GONJIAM, Gyeonggi – A T-Rex in a mountain valley roars in front of the audience. The next minute, an astronaut sits alone on a rock on Mars, gazing at a calm landscape. In the blink of an eye, the audience is taken to a nighttime view of the Seoul skyline.
Time and space are no longer constraints for filmmakers in a virtual production studio created by Vive Studios, a local special visual effects (VFX) company founded in 2003 and specializing in virtual reality (VR) content and computer generated images (CGI).
Previously known for a TV documentary featuring a grieving mom meeting a digital version of her deceased daughter recreated via VR in 2020, Vive Studios now aims to become a full-fledged content producer using the latest computer graphics technology.
The company provided its VR and CGI capabilities for a concert by BTS’s Suga during the 2020 Mnet Asian Music Awards, for the 3D modeling of presidential candidates on JTBC during the March election, and for the VR movie “Volt.”
He received 9.5 billion won ($7.1 million) from NPX Capital, a local investment company, last May. Vive Studios posted annual revenue of 9.2 billion won in 2021, up 10.1%.
The Gonjiam Virtual Production set in Gyeonggi is part of this effort. The 1,157 square meter (12,454 square foot) site is a virtual on-set production set where producers and actors can view the computer-generated background in real time.
Virtual production has become increasingly popular in recent years, especially during the pandemic, as it reduces the time and cost of shooting compared to the green screen process, where footage is added later. Because directors can instantly see how the scene is filmed, the time needed to reshoot or edit is reduced.
“We believe this is one of the technologies that will take us into the future,” Vive Studios CEO Stanley Kim said during a press tour of the studio on Friday.
“Major players such as Disney and Netflix are infiltrating the Korean market, because it’s the Asian hub of the content market. I think all Asian content will revolve around Korea, and that’s where production sets private like us come into play.”
On the day of the protest, reporters were taken to an empty production set with some rocks and dirt against a round-shaped screen panel displaying a rocky valley. The landscape changed with the movements of the camera, retransmitted on a television screen next to the set.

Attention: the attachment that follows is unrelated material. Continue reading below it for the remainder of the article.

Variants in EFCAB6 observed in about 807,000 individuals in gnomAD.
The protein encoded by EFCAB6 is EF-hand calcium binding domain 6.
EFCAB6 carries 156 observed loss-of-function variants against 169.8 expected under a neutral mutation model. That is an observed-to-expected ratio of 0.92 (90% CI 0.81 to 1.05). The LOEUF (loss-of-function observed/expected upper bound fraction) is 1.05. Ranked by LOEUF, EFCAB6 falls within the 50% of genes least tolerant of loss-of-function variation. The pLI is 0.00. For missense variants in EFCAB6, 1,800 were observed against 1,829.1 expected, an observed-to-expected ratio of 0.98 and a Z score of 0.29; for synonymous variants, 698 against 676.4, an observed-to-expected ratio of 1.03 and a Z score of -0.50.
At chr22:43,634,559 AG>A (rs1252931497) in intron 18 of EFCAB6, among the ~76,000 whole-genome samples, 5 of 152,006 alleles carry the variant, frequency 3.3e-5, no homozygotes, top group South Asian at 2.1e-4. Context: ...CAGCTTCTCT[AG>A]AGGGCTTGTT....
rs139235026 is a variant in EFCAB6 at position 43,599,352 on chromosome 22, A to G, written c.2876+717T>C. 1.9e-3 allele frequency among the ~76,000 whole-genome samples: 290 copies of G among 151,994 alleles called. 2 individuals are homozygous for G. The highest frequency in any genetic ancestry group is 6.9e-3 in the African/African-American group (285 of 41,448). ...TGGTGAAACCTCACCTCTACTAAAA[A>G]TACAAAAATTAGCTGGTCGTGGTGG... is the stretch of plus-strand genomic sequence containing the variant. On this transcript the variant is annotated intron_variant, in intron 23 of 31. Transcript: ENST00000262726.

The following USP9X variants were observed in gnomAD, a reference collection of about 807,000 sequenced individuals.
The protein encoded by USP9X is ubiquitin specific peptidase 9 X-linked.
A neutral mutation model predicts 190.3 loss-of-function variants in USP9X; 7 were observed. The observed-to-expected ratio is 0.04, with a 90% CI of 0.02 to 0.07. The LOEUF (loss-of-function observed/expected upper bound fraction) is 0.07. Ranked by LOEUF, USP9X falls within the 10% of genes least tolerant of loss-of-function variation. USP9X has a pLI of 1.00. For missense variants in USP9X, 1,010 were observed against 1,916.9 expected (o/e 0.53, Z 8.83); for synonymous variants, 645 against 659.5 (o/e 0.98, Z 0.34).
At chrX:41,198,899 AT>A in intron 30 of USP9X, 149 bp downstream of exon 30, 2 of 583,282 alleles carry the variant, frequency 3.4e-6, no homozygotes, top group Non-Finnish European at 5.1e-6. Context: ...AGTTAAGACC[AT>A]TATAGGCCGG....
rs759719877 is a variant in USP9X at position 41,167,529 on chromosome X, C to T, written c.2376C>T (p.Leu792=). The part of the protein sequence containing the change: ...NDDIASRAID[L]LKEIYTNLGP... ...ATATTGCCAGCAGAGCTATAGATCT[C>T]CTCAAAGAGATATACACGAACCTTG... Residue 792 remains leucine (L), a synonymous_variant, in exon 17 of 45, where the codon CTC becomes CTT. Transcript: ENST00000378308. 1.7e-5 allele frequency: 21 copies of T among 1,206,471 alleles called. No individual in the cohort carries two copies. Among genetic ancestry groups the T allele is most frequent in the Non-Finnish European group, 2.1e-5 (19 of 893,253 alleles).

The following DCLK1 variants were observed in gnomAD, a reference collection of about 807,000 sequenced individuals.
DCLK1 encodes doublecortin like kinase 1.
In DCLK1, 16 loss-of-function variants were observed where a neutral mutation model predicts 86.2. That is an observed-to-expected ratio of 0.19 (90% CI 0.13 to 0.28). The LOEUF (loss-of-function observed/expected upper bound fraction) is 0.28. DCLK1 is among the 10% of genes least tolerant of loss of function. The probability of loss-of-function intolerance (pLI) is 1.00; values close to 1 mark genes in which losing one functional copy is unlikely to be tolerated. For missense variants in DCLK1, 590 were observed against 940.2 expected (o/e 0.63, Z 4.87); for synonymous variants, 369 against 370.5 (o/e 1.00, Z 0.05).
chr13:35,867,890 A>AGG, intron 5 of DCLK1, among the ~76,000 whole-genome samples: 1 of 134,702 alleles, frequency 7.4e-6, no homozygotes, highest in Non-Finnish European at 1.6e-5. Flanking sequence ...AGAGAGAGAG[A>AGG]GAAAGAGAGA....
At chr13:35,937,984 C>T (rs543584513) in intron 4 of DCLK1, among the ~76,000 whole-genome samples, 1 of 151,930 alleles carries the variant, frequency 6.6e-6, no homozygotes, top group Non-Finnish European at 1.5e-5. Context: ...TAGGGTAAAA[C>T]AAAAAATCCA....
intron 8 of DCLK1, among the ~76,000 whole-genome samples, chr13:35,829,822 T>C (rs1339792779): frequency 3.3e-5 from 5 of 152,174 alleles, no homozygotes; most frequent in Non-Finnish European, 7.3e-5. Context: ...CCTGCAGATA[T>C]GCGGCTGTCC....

Soon, a T-Rex appeared on the TV screen as the actual set remained empty.
Vive Studios introduced an integrated control system that allows shooting and editing graphics at the same time. Dubbed Vive Studios Immersive Technology (VIT), producers can control the lighting and camera to instantly adapt to graphics changes, such as time and background location.
“We plan to make VIT commercially available for other companies by early next year,” said Lee Kwang-hee, chief technology officer of Vive Studios and head of Viv Lab, a center for research within the company.
“Viv Lab was founded in January this year with around 20 researchers working not only on visual effects, CGI, but also other forms of technological art and virtual production to maximize efficiency and quality content.”
Vive Studio’s next focus is on virtual humans. The company launched JZ, its virtual celebrity, in April using high-resolution face swapping technology, where the company shoots various videos using a real actor and replaces the face with CGI technology.
The company plans to develop technology that reduces the time it takes to create a 3D human model, which is typically around three weeks, to just five minutes. In addition to tech, CEO Kim has a big theme park in mind filled with all things tech and the metaverse.
“Ultimately, we plan to become a paradigm-shifting company that can populate a metaverse platform created using our technology,” Kim said.
“I hope to one day build a theme park filled with the technology we’ll see in the next 30 to 50 years, like humanoids, drones, and holograms. It’ll be more like a blueprint of the future city rather than a amusement park like Disney Land or Universal Studio.”
BY YOON SO-YEON [[email protected]]